). With the investigation of Chairman and Chief Executive Martha Stewart for obstruction of justice and insider trading coming to a head, the question arises: Can a media company founded on a celebrity personality survive the possible downfall and departure of that personality?
That question becomes more urgent in the wake of former ImClone Systems (IMCL
) CEO Samuel D. Waksal's guilty plea on Oct. 15 to charges of securities fraud. True, Waksal did not implicate Stewart. But the assistant to Stewart's broker at Merrill Lynch & Co. pled guilty to misdemeanor charges two weeks earlier, admitting that he withheld information about the circumstances surrounding Stewart's sale of ImClone stock last year. Now he is cooperating with investigators, and in the coming weeks they will decide whether enough evidence exists to charge her.
Company execs are quick to point out that Stewart remains very much the CEO and chairman. In any case, they insist, she has a strong bench. The company "has a deep management and creative team," says President and Chief Operating Officer Sharon Patrick.
Still, investors haven't waited to see how things play out. Omnimedia shares have plunged by two-thirds since news of the probe leaked in March, to a recent $7. With fall ad buying all locked up last summer, it won't be clear until early next year whether advertisers will continue to support the magazine. Similarly, circulation through June, when l'affaire Martha was far from its crescendo, was down 5%, but new six-month figures won't be available until early next year.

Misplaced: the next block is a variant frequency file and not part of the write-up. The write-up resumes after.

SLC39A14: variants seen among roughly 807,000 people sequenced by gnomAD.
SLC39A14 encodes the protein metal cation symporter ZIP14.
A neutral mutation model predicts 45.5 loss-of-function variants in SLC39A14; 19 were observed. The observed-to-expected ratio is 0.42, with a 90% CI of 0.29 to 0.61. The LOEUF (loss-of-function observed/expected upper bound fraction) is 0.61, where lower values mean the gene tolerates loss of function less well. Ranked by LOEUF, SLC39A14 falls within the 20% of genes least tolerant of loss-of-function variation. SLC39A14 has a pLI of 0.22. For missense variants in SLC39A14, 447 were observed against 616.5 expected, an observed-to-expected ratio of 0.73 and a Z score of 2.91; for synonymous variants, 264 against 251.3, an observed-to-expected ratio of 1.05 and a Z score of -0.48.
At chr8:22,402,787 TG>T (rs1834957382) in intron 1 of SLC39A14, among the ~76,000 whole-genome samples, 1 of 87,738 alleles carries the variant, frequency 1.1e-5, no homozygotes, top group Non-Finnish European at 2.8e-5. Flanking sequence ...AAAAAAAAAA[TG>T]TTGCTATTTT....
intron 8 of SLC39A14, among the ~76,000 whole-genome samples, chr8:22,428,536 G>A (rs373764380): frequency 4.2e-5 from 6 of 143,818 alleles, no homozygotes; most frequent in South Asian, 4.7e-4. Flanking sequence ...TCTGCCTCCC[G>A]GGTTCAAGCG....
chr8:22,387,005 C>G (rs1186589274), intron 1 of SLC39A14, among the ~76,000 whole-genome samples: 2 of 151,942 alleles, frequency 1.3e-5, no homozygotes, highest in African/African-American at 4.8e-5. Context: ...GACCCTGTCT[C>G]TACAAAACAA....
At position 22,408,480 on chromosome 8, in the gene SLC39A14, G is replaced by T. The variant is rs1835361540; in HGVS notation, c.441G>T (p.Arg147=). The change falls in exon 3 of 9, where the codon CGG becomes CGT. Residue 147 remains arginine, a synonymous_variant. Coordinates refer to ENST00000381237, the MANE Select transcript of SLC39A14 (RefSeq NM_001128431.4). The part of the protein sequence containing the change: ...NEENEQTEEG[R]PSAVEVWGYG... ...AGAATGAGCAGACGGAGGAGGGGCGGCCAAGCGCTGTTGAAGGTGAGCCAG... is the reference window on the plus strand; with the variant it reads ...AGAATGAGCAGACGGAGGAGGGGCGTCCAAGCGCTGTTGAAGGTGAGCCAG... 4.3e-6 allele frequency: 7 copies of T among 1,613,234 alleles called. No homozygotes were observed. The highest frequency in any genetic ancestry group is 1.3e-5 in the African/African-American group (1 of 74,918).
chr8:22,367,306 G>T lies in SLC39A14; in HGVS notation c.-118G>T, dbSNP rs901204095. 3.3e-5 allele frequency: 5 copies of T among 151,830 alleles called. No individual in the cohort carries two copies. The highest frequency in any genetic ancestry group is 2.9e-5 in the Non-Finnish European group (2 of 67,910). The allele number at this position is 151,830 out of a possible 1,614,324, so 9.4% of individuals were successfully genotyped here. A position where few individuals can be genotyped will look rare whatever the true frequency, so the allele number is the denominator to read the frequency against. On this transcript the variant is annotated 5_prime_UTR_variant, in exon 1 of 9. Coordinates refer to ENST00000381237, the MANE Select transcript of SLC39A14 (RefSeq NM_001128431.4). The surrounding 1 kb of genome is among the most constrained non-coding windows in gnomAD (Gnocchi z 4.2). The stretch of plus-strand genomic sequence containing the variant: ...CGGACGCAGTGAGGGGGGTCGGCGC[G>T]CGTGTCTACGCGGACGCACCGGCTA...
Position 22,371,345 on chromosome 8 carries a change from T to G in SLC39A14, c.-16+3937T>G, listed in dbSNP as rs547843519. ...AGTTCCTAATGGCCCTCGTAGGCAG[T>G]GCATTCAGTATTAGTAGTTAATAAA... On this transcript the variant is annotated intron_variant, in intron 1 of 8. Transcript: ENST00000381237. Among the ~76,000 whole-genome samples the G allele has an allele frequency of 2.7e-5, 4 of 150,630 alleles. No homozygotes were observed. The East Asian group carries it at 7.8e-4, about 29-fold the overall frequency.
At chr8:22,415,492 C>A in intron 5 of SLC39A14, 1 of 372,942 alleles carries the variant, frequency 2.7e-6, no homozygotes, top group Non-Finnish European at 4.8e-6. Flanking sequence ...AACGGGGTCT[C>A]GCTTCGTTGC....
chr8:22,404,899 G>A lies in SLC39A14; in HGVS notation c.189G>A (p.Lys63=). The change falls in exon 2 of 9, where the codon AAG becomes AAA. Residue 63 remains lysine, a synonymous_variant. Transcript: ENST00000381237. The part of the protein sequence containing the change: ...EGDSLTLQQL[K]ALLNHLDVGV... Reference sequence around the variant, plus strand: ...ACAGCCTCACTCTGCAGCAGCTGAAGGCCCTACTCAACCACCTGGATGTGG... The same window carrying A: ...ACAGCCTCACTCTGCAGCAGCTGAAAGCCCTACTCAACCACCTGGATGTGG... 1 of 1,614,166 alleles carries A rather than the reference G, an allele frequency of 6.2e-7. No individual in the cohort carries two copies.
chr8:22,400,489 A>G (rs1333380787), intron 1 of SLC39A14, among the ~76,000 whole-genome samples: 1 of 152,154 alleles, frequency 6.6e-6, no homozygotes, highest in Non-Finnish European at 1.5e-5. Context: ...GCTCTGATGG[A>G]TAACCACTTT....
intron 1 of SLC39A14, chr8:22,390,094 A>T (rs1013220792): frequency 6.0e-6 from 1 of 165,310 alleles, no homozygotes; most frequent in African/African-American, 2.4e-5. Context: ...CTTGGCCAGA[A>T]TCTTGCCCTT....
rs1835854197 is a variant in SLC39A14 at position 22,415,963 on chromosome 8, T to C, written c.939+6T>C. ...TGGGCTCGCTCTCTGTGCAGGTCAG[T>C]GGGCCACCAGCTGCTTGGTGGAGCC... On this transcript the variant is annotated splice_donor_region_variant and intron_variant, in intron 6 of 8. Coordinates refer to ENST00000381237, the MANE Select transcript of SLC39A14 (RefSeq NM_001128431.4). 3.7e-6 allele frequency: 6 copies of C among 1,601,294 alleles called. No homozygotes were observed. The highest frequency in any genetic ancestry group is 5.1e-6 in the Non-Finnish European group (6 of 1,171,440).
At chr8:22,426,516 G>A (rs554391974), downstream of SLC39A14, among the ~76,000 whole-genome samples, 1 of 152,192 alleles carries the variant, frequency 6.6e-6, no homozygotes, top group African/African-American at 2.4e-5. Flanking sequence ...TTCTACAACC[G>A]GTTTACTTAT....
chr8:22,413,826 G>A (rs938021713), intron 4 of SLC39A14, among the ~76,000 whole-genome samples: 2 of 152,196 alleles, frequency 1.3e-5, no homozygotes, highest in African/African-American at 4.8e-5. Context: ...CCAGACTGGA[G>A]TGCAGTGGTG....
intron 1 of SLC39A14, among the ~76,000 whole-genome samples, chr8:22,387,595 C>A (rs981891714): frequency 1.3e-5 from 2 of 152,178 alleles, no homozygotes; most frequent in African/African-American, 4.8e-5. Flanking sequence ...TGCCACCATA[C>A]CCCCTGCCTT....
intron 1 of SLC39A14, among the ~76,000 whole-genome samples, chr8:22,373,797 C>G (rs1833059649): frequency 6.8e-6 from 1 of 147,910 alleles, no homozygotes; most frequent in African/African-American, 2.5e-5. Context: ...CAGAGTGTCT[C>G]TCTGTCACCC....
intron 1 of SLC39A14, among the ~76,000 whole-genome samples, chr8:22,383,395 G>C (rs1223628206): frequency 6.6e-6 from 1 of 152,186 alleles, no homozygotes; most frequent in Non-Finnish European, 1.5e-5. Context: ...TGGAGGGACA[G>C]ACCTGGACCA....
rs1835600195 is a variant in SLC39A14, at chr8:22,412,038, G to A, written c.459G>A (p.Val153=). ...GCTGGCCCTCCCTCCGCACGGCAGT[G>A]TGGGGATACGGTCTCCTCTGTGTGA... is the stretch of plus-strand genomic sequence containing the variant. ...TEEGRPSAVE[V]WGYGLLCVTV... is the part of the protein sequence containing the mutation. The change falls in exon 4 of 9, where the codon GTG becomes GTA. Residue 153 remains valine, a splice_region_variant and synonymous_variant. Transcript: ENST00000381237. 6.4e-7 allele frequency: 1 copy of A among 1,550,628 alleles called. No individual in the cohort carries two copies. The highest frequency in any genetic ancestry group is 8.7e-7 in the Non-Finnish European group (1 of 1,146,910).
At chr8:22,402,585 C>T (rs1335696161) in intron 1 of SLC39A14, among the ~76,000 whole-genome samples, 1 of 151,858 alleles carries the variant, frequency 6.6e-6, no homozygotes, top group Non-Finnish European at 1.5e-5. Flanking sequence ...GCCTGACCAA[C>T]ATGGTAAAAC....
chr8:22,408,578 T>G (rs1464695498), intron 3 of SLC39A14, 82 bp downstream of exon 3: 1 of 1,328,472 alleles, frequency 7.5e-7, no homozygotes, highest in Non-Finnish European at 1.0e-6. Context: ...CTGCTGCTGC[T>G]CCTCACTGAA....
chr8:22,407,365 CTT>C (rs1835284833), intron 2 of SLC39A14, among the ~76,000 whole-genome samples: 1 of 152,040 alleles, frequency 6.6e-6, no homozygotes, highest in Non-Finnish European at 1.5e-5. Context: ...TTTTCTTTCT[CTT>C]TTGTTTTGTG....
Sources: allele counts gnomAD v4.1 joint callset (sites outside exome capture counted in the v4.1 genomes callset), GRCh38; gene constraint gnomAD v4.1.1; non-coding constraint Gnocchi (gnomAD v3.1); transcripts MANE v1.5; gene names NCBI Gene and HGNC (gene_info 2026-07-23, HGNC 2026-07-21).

If Stewart is forced out, the media businesses will likely be hardest hit. The TV programs and the magazine, which alone accounts for some 60% of the company's $320 million in annual sales, are the most direct reflection of her persona. At the magazine, a first-half drop in newsstand sales and paid circulation has been magnified by signs that fans are pulling back. The Waldenbooks (BGP
) store in the West Ridge Mall in Topeka, Kan.--once a Martha Stewart stronghold--has seen a drop in demand for the company's books and magazines. "She had a strong following, but it's tapering off," says manager Stephanie Johnson.
The bigger worry is advertisers. Double-digit gains from early this year are already gone, and if Stewart is charged, advertisers will bolt. Says Robin Steinberg, vice-president at media buyer Carat USA: "I'm telling my clients to take a cautious approach."
Meantime, viewership for Stewart's syndicated TV show, which has been dropping for four years, fell from an average of 1.7 million in May, to 1.3 million lately, says Nielsen Media Research. The even larger danger is lost exposure and brand-building if she no longer makes frequent TV appearances.
By contrast, the merchandising business--built on sheets, paint, and other household items that offer tangible value beyond their association with Stewart--is likely to be more stable. The wild card is Kmart Corp. (KM
), which could try to renegotiate a contract that guarantees Omnimedia an increasing royalty each year. "She's got the best contract in the business but may have to go back to a more normal contract," says Burt P. Flickinger III, a consultant at Reach Marketing Inc. in Westport, Conn.
If Stewart takes a fall, her empire won't go away. But it could be severely diminished. Indeed, the question of whether Omnimedia could thrive without Martha Stewart has troubled investors since the company went public in 1999. Right now, no one else at Omnimedia has anything approaching a public profile. That will make building Brand Martha much harder if she's not around to help. By Gerry Khermouch, with Tom Lowry in New York and Joann Muller in Detroit